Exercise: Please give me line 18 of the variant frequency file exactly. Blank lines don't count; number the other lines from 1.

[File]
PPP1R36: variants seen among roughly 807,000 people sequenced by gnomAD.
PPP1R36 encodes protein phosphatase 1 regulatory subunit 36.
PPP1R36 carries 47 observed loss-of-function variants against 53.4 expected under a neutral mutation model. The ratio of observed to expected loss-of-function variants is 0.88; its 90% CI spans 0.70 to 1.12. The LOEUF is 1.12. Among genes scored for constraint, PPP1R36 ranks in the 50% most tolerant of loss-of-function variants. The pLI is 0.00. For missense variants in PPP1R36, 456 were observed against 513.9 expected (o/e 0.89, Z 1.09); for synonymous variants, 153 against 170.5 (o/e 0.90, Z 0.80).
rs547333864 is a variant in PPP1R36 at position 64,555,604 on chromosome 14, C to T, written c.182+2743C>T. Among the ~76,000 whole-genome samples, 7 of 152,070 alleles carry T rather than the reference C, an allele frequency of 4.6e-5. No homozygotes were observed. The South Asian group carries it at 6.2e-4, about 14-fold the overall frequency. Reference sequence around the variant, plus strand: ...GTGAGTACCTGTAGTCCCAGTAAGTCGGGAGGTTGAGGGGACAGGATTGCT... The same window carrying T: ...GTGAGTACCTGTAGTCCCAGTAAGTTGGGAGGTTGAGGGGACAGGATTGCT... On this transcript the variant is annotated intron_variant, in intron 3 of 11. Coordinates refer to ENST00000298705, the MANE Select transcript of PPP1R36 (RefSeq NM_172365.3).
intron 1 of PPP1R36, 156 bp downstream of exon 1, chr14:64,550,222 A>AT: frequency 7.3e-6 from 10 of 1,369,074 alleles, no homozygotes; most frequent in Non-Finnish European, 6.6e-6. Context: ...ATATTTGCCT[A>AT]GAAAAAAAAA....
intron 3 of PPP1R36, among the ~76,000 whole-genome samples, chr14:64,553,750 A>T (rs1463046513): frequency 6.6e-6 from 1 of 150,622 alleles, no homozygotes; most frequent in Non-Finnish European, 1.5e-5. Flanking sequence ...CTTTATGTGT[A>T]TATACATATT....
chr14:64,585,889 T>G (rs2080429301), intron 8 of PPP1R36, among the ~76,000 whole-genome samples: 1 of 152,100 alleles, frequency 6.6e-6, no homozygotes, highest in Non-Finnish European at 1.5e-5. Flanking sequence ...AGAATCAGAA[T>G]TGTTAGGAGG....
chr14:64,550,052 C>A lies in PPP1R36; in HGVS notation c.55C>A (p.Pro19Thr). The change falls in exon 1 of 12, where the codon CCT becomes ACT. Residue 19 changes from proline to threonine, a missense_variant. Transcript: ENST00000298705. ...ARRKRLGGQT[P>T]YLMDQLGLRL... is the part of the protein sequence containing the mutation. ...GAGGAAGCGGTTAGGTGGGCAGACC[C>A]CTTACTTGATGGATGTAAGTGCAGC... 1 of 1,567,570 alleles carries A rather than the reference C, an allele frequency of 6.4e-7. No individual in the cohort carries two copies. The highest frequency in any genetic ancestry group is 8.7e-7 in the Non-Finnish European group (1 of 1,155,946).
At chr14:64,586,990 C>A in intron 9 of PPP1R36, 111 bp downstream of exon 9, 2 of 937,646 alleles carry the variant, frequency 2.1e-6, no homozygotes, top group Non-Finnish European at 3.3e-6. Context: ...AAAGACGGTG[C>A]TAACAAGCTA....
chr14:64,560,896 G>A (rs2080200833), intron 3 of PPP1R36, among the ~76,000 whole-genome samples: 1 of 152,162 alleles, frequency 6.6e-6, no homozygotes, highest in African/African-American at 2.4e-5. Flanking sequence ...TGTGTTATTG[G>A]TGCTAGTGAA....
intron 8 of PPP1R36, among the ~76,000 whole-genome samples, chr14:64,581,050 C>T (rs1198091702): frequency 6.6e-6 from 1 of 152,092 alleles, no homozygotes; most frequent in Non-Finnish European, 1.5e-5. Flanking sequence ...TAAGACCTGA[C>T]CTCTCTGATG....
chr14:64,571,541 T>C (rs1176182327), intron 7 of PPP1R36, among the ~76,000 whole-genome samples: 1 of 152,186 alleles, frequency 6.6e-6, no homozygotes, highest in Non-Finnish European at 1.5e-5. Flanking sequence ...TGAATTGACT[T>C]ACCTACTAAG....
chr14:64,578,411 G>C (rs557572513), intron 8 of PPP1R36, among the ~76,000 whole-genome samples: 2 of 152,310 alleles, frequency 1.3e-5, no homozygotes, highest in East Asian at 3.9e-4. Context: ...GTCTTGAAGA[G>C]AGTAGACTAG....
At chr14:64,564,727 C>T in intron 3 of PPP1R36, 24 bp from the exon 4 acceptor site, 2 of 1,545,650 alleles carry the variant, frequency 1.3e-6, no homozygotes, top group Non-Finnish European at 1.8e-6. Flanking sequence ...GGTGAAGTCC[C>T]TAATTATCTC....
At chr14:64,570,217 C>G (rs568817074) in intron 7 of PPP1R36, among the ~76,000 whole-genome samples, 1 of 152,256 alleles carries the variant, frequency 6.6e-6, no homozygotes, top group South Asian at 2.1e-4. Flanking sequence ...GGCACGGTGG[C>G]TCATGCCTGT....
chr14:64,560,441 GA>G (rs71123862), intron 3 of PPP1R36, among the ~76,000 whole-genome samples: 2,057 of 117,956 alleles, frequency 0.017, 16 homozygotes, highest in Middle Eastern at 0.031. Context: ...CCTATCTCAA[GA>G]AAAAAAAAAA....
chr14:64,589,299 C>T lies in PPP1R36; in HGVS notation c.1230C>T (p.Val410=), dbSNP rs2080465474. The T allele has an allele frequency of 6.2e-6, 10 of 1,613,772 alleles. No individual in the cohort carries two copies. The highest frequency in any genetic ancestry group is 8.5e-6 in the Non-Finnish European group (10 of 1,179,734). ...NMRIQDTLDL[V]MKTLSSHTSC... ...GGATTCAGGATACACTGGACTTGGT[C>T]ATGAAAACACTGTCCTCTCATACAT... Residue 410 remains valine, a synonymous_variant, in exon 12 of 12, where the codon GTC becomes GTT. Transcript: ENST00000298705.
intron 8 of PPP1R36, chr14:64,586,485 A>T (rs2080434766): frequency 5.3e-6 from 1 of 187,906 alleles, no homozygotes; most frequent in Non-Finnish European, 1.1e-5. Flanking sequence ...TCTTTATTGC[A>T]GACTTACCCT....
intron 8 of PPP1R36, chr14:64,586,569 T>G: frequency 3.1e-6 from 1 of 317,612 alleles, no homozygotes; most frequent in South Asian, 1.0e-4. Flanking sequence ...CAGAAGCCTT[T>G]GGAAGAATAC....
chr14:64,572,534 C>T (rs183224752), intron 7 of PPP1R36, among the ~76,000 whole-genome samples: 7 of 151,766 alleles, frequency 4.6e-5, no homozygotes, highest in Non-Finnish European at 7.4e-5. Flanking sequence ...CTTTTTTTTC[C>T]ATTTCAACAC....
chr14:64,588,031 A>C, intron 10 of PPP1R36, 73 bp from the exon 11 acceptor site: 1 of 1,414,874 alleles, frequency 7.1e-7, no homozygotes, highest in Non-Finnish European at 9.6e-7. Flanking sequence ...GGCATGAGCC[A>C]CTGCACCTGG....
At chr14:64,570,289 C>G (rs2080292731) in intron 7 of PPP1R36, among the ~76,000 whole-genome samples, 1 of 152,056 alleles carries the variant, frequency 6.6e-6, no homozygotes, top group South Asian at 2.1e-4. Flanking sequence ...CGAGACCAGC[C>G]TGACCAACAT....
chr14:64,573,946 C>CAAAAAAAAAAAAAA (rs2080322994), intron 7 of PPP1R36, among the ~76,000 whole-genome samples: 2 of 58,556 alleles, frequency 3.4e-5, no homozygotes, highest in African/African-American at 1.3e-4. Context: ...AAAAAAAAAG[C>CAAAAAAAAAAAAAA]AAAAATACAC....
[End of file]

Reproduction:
intron 8 of PPP1R36, chr14:64,586,485 A>T (rs2080434766): frequency 5.3e-6 from 1 of 187,906 alleles, no homozygotes; most frequent in Non-Finnish European, 1.1e-5. Flanking sequence ...TCTTTATTGC[A>T]GACTTACCCT....